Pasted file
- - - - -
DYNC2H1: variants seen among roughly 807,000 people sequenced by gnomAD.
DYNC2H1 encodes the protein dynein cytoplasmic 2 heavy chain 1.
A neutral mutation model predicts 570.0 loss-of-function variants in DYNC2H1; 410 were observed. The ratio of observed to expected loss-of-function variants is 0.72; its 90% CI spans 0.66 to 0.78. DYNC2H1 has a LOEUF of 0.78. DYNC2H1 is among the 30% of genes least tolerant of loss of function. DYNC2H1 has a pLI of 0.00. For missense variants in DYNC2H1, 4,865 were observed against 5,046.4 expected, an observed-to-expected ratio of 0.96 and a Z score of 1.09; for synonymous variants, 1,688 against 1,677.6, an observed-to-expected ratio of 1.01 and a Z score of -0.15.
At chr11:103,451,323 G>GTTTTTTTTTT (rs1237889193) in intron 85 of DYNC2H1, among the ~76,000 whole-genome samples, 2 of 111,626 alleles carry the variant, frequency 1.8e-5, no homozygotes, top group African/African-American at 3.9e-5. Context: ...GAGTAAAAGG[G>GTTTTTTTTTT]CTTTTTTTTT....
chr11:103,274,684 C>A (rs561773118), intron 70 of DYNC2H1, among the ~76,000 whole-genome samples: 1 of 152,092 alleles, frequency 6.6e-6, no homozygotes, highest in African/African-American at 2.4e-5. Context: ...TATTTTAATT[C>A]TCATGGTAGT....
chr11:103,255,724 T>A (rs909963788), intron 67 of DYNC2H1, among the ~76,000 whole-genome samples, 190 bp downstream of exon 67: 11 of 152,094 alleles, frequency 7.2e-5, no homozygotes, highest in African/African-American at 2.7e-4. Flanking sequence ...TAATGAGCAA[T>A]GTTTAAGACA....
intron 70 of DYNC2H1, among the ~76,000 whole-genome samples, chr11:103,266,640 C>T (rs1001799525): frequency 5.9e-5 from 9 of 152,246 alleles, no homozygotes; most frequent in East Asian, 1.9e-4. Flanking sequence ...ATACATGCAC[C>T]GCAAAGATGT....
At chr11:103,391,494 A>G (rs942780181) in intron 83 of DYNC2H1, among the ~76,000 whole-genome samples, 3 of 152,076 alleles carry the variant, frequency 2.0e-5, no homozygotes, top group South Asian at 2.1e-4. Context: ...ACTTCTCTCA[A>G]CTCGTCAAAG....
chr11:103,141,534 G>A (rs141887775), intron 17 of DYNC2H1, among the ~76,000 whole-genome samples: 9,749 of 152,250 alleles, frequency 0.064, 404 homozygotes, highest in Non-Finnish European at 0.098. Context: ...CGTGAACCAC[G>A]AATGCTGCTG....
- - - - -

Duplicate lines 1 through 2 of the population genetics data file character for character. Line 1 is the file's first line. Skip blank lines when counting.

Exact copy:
DYNC2H1: variants seen among roughly 807,000 people sequenced by gnomAD.
DYNC2H1 encodes the protein dynein cytoplasmic 2 heavy chain 1.